Fred Hutchinson Cancer Research Center has become the first U.S. cancer center to join a growing coalition pledging to advance diversity and inclusion in the workplace. On Aug. 25, Fred Hutch President and Director Dr. Gary Gilliland joined more than 270 CEOs nationwide who have taken the pledge as part of the CEO Action for Diversity & Inclusion.™
By signing on to this commitment, Fred Hutch pledges to take action to cultivate a workplace in which diverse perspectives and experiences are welcomed and respected, and where employees feel encouraged to discuss diversity and inclusion, Gilliland said.
As a CEO Action signatory, Gilliland has pledged Fred Hutch to three core commitments:
“Diversity and inclusion can be challenging topics to address head-on, but by encouraging constructive dialogue about our differences, we can foster more productive engagement among faculty and staff,” he said. “I am proud that the Hutch is committed to cultivating a work culture in which employees can freely express themselves about issues that matter surrounding diversity and inclusion.”
Signing the pledge is “the beginning of Hutch’s journey to become a center of excellence for diversity and inclusion,” said Aiko Bethea, director of Diversity & Inclusion at Fred Hutch, who is overseeing the development of the center’s first enterprise-wide diversity and inclusion initiative. “The initiative is tightly aligned with the Hutch’s goals of being a high-performance organization, developing the diverse scientists of the future, and curing cancer for all, she said.
The collective of more than 270 signatories are sharing best practices, exchanging tangible learning opportunities and creating collaborative conversations via the initiative’s unified hub, CEOAction.com. Those who have signed the pledge will convene in November at a summit in New York City to discuss longer-term growth strategies that will advance the diversity agenda.
A diverse and inclusive work force facilitates community but also drives innovation and creativity. Research finds that diversity is a key component to fostering innovation.
The CEO Action for Diversity & Inclusion, which launched in June, represents 70 industries in all 50 states, and millions of employees globally. Companies that have signed on include Fortune 500 businesses such as Cisco, Dow Chemical, HP, The Home Depot, Merck, Morgan Stanley, Staples, Target and Walmart.
Tim Ryan, the U.S. chairman of the accounting firm PwC, launched the initiative last year in the wake of a series of highly charged, race-related shootings involving the police.
“Wouldn’t it be great if all the CEOs of the Fortune 500, who employ millions of people in the United State, came together and acknowledge that, notwithstanding everything we’ve tried, we can do even more about race?” he told Fortune.
More information: CEO Action for Diversity and Inclusion FAQ.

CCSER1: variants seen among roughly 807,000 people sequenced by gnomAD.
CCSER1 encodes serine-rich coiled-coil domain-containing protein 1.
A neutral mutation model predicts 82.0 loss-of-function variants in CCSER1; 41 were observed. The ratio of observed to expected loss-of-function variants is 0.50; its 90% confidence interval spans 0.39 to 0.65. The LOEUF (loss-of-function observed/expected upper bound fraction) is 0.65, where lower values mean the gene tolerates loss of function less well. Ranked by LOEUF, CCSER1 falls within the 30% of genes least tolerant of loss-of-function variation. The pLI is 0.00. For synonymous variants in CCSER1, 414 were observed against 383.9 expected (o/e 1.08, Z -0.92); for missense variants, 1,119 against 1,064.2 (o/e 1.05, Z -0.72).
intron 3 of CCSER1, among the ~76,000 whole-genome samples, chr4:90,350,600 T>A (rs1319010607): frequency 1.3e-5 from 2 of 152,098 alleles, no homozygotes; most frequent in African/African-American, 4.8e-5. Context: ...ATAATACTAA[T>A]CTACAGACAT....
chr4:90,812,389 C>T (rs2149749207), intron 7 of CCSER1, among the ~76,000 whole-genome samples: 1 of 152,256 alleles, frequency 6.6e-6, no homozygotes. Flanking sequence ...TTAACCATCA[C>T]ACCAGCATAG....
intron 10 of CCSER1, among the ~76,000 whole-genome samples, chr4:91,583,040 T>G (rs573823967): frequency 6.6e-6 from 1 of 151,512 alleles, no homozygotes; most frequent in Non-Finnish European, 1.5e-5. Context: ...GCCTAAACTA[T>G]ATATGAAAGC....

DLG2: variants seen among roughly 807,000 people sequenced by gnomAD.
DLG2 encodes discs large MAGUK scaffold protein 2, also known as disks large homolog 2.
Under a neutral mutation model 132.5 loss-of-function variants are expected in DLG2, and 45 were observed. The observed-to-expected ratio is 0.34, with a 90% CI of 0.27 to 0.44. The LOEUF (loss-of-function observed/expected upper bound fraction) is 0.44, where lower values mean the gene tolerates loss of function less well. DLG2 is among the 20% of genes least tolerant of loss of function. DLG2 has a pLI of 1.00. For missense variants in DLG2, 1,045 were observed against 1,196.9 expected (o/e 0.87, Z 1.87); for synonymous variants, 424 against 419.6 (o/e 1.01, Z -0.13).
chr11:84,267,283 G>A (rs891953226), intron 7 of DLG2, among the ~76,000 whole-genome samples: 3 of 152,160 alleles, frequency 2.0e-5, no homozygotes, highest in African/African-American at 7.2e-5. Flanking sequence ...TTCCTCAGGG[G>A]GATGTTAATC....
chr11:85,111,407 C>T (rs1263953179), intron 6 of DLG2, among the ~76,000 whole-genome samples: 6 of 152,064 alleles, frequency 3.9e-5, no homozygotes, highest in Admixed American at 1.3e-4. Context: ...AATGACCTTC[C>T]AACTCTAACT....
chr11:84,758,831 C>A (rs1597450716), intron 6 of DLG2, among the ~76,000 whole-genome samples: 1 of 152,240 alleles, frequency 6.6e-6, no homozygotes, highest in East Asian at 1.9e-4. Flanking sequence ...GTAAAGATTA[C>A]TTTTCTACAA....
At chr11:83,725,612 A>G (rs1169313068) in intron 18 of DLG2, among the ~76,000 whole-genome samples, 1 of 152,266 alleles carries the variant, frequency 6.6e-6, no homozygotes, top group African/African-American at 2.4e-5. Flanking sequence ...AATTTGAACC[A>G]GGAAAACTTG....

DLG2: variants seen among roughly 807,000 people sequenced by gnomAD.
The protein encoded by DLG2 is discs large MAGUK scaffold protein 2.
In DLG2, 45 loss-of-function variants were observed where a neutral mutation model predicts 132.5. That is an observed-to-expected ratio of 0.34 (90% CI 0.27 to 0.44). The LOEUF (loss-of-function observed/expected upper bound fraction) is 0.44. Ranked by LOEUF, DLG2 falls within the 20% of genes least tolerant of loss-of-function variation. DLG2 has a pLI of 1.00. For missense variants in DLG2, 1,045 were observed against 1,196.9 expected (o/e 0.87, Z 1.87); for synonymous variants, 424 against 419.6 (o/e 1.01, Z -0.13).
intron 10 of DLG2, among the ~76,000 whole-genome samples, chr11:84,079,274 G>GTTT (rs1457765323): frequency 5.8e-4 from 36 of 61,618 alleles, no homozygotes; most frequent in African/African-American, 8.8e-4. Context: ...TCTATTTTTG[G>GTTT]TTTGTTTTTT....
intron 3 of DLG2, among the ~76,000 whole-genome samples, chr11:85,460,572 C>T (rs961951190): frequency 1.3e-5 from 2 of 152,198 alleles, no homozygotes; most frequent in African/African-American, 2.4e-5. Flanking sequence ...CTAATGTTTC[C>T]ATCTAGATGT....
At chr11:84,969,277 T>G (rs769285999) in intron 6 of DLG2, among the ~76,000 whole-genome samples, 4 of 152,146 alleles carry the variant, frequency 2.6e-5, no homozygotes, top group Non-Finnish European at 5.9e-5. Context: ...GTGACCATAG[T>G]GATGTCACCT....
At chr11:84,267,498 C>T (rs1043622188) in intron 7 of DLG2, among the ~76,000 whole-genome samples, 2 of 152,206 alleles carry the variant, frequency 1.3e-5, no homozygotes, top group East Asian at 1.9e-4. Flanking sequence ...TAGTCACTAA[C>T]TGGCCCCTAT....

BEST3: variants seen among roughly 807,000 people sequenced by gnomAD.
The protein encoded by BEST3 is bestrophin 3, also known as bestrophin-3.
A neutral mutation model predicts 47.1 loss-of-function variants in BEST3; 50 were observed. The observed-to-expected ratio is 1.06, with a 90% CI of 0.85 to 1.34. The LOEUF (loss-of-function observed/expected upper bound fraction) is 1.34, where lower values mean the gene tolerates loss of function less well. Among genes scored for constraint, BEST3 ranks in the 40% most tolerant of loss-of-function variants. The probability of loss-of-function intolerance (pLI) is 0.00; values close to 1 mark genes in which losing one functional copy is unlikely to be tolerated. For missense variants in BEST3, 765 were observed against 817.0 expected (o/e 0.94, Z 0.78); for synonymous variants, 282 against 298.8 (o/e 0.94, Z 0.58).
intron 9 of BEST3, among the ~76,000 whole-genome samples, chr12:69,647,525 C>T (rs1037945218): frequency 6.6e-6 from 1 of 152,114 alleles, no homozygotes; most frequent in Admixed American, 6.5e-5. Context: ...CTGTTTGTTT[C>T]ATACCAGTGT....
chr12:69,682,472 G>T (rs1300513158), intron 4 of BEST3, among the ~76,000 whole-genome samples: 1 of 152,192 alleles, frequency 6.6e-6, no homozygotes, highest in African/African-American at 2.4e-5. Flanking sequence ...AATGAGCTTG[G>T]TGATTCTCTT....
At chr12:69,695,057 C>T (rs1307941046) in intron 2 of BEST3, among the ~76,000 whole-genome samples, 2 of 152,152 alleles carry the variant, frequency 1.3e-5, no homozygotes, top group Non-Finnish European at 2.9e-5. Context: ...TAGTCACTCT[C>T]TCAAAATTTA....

— Kristen Woodward / Fred Hutch News Service
At a gala dinner celebrating the Uganda Cancer Institute’s 50th anniversary, the UCI surprised Fred Hutch Global Oncology with an award for “Outstanding Partner in Modern Cancer Care, Training and Research.”
Dr. Bruce Clurman, executive vice president, and deputy director of Fred Hutchinson Cancer Research Center, accepted the award from Uganda Minister of Health Jane Ruth Aceng during the dinner Aug. 24 in Kampala, Uganda’s capital.
Fred Hutch Global Oncology head Dr. Edus H. Warren, who goes by the nickname Hootie, and the program’s managing director, Sarah Ewart, joined Clurman at the gala. The Fred Hutch group also met with Aceng, Uganda Prime Minister Ruhakana Rugunda, Minister of Finance Matia Kasaijja, and U.S. Ambassador to Uganda Deborah R. Malac to thank them for their support of the UCI-Fred Hutch collaboration.
Fred Hutch’s alliance with the UCI began with a small research pilot project in 2004 and was formalized in 2008. To date, the alliance has completed more than 30 research projects on five cancers — Burkitt lymphoma, Kaposi sarcoma, cervical cancer, breast cancer, and Hodgkin lymphoma. It has enrolled more than 1,800 study participants and archived more than 160,000 research specimens. A recently announced study, funded by a $1.4 million grant from GlaxoSmithKline, will examine ways to improve diagnosis and treatment of breast cancer in Uganda.
In addition to research, the partnership has trained about a dozen Ugandan physician-scientists, who have returned to the UCI to practice after a year or more of study at Fred Hutch and the University of Washington. Many of them gave presentations last week at an international scientific symposium hosted by the UCI on its anniversary. The state-of-the-art UCI-Fred Hutch Cancer Centre opened in Kampala in 2015 to house all of the alliance’s activities under one roof: children and adult outpatient clinics, research laboratories, and training.
In the days leading up to the new center’s opening, UCI director and esteemed cancer researcher Dr. Jackson Orem said of his Fred Hutch partners: “This is the first group who came to work specifically with the Uganda Cancer Institute.” Until recent years, few governments, organizations, or scientists were aware that cancer was emerging as a public health threat in sub-Saharan Africa, much less working on research, prevention or treatment.
With the award on the UCI’s golden jubilee, Orem made his appreciation abundantly clear.
— By Mary Engel / Fred Hutch News Service
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